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Lydian augmented scale
In music, the Lydian augmented scale (Lydian 5 scale) is the third mode of the ascending melodic minor scale or jazz minor scale.
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The modern Lydian mode is a seven-tone musical scale formed from a rising pattern of pitches comprising three whole tones, a semitone, two more whole tones, and a final semitone.
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Mixolydian mode may refer to one of three things: the name applied to one of the ancient Greek harmoniai or tonoi, based on a particular octave species or scale; one of the medieval church modes; a modern musical mode or diatonic scale, related to the medieval mode.
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In music, a note is the pitch and duration of a sound, and also its representation in musical notation (♪, ♩).
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In music theory, a perfect fifth is the musical interval corresponding to a pair of pitches with a frequency ratio of 3:2, or very nearly so.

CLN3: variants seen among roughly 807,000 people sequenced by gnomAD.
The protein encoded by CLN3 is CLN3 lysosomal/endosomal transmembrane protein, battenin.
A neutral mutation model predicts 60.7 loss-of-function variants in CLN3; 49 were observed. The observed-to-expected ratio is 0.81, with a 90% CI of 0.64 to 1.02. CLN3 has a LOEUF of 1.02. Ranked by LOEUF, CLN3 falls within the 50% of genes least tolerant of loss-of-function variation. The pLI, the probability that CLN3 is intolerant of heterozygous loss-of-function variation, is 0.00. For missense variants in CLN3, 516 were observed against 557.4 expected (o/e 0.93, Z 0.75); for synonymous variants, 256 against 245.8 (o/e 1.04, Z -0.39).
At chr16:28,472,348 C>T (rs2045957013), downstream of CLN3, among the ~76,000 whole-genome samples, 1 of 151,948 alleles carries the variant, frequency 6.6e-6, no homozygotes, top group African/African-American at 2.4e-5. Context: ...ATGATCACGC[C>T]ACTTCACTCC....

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In classical music from Western culture, a fourth spans exactly four letter names (staff positions), while a perfect fourth (harmonic series) always involves the same interval, regardless of key (sharps and flats) between letters. A perfect fourth is the relationship between the third and fourth harmonics, sounding neither major nor minor, but consonant with an unstable quality (additive synthesis). In the key of C, the notes C and F constitute a perfect fourth relationship, as they're separated by four semitones (C, C#, D, D#, E, F). Up until the late 19th century, the perfect fourth was often called by its Greek name, diatessaron. A perfect fourth in just intonation corresponds to a pitch ratio of 4:3, or about 498 cents, while in equal temperament a perfect fourth is equal to five semitones, or 500 cents. The perfect fourth is a perfect interval like the unison, octave, and perfect fifth, and it is a sensory consonance. In common practice harmony, however, it is considered a stylistic dissonance in certain contexts, namely in two-voice textures and whenever it appears above the bass. If the bass note also happens to be the chord's root, the interval's upper note almost always temporarily displaces the third of any chord, and, in the terminology used in popular music, is then called a suspended fourth. Conventionally, adjacent strings of the double bass and of the bass guitar are a perfect fourth apart when unstopped, as are all pairs but one of adjacent guitar strings under standard guitar tuning. Sets of tom-tom drums are also commonly tuned in perfect fourths. The 4:3 just perfect fourth arises in the C major scale between G and C.